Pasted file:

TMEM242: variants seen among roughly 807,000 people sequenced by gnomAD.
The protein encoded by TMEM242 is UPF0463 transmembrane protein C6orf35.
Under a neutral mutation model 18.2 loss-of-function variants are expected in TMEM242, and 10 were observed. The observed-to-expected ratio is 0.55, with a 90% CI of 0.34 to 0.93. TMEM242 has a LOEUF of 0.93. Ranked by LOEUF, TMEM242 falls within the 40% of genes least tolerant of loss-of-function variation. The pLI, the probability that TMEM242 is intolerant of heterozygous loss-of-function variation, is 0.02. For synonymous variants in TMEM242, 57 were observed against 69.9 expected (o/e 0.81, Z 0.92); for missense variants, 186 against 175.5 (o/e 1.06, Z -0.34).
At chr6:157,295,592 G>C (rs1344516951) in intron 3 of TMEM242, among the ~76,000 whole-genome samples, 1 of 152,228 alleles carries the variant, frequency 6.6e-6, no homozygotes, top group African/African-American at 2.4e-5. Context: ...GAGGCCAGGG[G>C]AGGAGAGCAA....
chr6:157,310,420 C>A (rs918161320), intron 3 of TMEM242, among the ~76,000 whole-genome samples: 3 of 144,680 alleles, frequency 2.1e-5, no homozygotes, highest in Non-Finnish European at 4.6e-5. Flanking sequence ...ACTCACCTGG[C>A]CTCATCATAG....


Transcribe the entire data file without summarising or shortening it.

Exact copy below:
TMEM242: variants seen among roughly 807,000 people sequenced by gnomAD.
The protein encoded by TMEM242 is UPF0463 transmembrane protein C6orf35.
Under a neutral mutation model 18.2 loss-of-function variants are expected in TMEM242, and 10 were observed. The observed-to-expected ratio is 0.55, with a 90% CI of 0.34 to 0.93. TMEM242 has a LOEUF of 0.93. Ranked by LOEUF, TMEM242 falls within the 40% of genes least tolerant of loss-of-function variation. The pLI, the probability that TMEM242 is intolerant of heterozygous loss-of-function variation, is 0.02. For synonymous variants in TMEM242, 57 were observed against 69.9 expected (o/e 0.81, Z 0.92); for missense variants, 186 against 175.5 (o/e 1.06, Z -0.34).
At chr6:157,295,592 G>C (rs1344516951) in intron 3 of TMEM242, among the ~76,000 whole-genome samples, 1 of 152,228 alleles carries the variant, frequency 6.6e-6, no homozygotes, top group African/African-American at 2.4e-5. Context: ...GAGGCCAGGG[G>C]AGGAGAGCAA....
chr6:157,310,420 C>A (rs918161320), intron 3 of TMEM242, among the ~76,000 whole-genome samples: 3 of 144,680 alleles, frequency 2.1e-5, no homozygotes, highest in Non-Finnish European at 4.6e-5. Flanking sequence ...ACTCACCTGG[C>A]CTCATCATAG....